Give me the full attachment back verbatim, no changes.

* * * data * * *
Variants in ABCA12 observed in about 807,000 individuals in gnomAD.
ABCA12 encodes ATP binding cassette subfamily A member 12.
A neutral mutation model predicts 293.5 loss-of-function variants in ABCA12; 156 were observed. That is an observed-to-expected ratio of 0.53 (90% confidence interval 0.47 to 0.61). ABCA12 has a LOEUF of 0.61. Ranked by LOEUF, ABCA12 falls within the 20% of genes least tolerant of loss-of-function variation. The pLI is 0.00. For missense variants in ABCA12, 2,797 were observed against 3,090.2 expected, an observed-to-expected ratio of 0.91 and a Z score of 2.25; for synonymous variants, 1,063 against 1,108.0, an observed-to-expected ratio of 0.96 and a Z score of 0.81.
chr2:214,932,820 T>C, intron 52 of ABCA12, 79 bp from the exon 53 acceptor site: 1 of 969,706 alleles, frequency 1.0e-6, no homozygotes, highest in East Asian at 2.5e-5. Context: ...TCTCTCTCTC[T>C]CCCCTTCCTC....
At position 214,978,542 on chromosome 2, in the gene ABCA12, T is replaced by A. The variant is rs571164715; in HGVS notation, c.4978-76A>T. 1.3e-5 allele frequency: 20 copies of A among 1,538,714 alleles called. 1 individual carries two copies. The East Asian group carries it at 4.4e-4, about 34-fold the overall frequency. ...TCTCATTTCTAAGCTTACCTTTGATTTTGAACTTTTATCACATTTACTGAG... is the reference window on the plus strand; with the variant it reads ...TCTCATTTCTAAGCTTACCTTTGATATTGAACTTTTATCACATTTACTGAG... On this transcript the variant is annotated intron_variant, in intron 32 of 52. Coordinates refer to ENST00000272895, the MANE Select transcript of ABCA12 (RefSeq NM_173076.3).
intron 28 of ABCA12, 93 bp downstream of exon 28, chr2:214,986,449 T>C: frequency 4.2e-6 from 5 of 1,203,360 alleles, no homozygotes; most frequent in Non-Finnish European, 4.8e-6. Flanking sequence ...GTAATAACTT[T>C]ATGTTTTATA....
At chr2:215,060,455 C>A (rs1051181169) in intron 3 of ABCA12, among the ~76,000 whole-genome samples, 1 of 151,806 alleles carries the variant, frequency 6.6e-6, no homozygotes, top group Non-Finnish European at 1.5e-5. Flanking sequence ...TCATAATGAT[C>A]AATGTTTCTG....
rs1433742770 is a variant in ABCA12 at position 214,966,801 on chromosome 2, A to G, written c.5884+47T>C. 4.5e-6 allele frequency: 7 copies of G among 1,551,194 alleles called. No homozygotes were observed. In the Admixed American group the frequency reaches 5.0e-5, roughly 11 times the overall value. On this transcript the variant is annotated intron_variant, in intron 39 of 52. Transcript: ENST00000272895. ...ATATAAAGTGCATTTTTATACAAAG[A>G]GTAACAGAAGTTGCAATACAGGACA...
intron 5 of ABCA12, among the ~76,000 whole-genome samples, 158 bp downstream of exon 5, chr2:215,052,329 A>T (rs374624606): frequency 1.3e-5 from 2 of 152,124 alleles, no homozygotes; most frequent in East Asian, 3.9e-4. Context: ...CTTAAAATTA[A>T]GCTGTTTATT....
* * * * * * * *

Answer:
Variants in ABCA12 observed in about 807,000 individuals in gnomAD.
ABCA12 encodes ATP binding cassette subfamily A member 12.
A neutral mutation model predicts 293.5 loss-of-function variants in ABCA12; 156 were observed. That is an observed-to-expected ratio of 0.53 (90% confidence interval 0.47 to 0.61). ABCA12 has a LOEUF of 0.61. Ranked by LOEUF, ABCA12 falls within the 20% of genes least tolerant of loss-of-function variation. The pLI is 0.00. For missense variants in ABCA12, 2,797 were observed against 3,090.2 expected, an observed-to-expected ratio of 0.91 and a Z score of 2.25; for synonymous variants, 1,063 against 1,108.0, an observed-to-expected ratio of 0.96 and a Z score of 0.81.
chr2:214,932,820 T>C, intron 52 of ABCA12, 79 bp from the exon 53 acceptor site: 1 of 969,706 alleles, frequency 1.0e-6, no homozygotes, highest in East Asian at 2.5e-5. Context: ...TCTCTCTCTC[T>C]CCCCTTCCTC....
At position 214,978,542 on chromosome 2, in the gene ABCA12, T is replaced by A. The variant is rs571164715; in HGVS notation, c.4978-76A>T. 1.3e-5 allele frequency: 20 copies of A among 1,538,714 alleles called. 1 individual carries two copies. The East Asian group carries it at 4.4e-4, about 34-fold the overall frequency. ...TCTCATTTCTAAGCTTACCTTTGATTTTGAACTTTTATCACATTTACTGAG... is the reference window on the plus strand; with the variant it reads ...TCTCATTTCTAAGCTTACCTTTGATATTGAACTTTTATCACATTTACTGAG... On this transcript the variant is annotated intron_variant, in intron 32 of 52. Coordinates refer to ENST00000272895, the MANE Select transcript of ABCA12 (RefSeq NM_173076.3).
intron 28 of ABCA12, 93 bp downstream of exon 28, chr2:214,986,449 T>C: frequency 4.2e-6 from 5 of 1,203,360 alleles, no homozygotes; most frequent in Non-Finnish European, 4.8e-6. Flanking sequence ...GTAATAACTT[T>C]ATGTTTTATA....
At chr2:215,060,455 C>A (rs1051181169) in intron 3 of ABCA12, among the ~76,000 whole-genome samples, 1 of 151,806 alleles carries the variant, frequency 6.6e-6, no homozygotes, top group Non-Finnish European at 1.5e-5. Flanking sequence ...TCATAATGAT[C>A]AATGTTTCTG....
rs1433742770 is a variant in ABCA12 at position 214,966,801 on chromosome 2, A to G, written c.5884+47T>C. 4.5e-6 allele frequency: 7 copies of G among 1,551,194 alleles called. No homozygotes were observed. In the Admixed American group the frequency reaches 5.0e-5, roughly 11 times the overall value. On this transcript the variant is annotated intron_variant, in intron 39 of 52. Transcript: ENST00000272895. ...ATATAAAGTGCATTTTTATACAAAG[A>G]GTAACAGAAGTTGCAATACAGGACA...
intron 5 of ABCA12, among the ~76,000 whole-genome samples, 158 bp downstream of exon 5, chr2:215,052,329 A>T (rs374624606): frequency 1.3e-5 from 2 of 152,124 alleles, no homozygotes; most frequent in East Asian, 3.9e-4. Context: ...CTTAAAATTA[A>T]GCTGTTTATT....